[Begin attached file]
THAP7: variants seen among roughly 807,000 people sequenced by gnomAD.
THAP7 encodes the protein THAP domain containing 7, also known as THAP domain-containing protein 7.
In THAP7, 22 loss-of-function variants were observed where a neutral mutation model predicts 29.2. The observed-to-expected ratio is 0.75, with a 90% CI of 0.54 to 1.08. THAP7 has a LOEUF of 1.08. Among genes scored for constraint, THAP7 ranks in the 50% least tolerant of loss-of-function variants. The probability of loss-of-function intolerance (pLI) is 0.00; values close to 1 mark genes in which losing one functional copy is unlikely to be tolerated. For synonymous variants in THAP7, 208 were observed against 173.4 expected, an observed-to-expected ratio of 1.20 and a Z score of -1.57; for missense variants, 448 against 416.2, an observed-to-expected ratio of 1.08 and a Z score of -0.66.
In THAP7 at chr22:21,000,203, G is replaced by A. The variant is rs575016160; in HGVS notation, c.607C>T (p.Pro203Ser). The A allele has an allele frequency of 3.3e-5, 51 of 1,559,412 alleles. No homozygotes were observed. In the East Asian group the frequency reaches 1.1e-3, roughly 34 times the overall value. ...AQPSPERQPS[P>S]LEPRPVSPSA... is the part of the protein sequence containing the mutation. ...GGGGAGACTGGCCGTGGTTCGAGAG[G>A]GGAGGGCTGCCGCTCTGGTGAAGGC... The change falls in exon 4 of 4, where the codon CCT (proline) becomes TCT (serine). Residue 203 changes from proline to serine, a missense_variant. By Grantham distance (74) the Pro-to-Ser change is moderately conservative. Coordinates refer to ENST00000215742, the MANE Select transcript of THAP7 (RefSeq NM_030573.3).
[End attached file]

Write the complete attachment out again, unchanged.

THAP7: variants seen among roughly 807,000 people sequenced by gnomAD.
THAP7 encodes the protein THAP domain containing 7, also known as THAP domain-containing protein 7.
In THAP7, 22 loss-of-function variants were observed where a neutral mutation model predicts 29.2. The observed-to-expected ratio is 0.75, with a 90% CI of 0.54 to 1.08. THAP7 has a LOEUF of 1.08. Among genes scored for constraint, THAP7 ranks in the 50% least tolerant of loss-of-function variants. The probability of loss-of-function intolerance (pLI) is 0.00; values close to 1 mark genes in which losing one functional copy is unlikely to be tolerated. For synonymous variants in THAP7, 208 were observed against 173.4 expected, an observed-to-expected ratio of 1.20 and a Z score of -1.57; for missense variants, 448 against 416.2, an observed-to-expected ratio of 1.08 and a Z score of -0.66.
In THAP7 at chr22:21,000,203, G is replaced by A. The variant is rs575016160; in HGVS notation, c.607C>T (p.Pro203Ser). The A allele has an allele frequency of 3.3e-5, 51 of 1,559,412 alleles. No homozygotes were observed. In the East Asian group the frequency reaches 1.1e-3, roughly 34 times the overall value. ...AQPSPERQPS[P>S]LEPRPVSPSA... is the part of the protein sequence containing the mutation. ...GGGGAGACTGGCCGTGGTTCGAGAG[G>A]GGAGGGCTGCCGCTCTGGTGAAGGC... The change falls in exon 4 of 4, where the codon CCT (proline) becomes TCT (serine). Residue 203 changes from proline to serine, a missense_variant. By Grantham distance (74) the Pro-to-Ser change is moderately conservative. Coordinates refer to ENST00000215742, the MANE Select transcript of THAP7 (RefSeq NM_030573.3).